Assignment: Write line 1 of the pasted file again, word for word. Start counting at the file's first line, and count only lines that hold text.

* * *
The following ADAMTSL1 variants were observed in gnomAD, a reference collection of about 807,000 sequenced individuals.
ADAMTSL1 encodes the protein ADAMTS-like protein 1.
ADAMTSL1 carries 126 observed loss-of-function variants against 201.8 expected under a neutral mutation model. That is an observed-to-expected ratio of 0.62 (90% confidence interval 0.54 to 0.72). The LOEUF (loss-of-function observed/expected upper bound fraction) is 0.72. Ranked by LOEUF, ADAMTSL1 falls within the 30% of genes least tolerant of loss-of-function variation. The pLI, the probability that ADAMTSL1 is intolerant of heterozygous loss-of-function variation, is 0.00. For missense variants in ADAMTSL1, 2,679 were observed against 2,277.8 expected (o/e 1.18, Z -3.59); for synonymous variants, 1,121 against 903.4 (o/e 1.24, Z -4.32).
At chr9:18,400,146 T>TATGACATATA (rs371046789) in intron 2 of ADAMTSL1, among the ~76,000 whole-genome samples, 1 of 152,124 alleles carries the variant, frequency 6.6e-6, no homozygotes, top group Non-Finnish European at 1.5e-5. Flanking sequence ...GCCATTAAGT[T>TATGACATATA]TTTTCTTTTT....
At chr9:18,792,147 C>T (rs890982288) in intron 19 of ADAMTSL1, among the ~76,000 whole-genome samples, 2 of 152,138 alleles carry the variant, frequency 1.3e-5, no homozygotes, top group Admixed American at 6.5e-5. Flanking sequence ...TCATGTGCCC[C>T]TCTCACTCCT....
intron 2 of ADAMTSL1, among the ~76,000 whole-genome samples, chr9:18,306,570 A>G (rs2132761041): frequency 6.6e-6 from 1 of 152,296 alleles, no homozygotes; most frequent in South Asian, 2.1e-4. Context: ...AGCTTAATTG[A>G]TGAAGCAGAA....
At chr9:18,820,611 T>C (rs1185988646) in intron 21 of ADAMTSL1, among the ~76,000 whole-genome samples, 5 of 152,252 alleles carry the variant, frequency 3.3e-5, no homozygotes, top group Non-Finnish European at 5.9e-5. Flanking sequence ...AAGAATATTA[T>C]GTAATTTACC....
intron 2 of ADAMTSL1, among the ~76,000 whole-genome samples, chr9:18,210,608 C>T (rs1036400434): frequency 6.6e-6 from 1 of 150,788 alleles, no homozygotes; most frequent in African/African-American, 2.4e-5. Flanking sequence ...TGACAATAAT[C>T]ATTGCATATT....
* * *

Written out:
The following ADAMTSL1 variants were observed in gnomAD, a reference collection of about 807,000 sequenced individuals.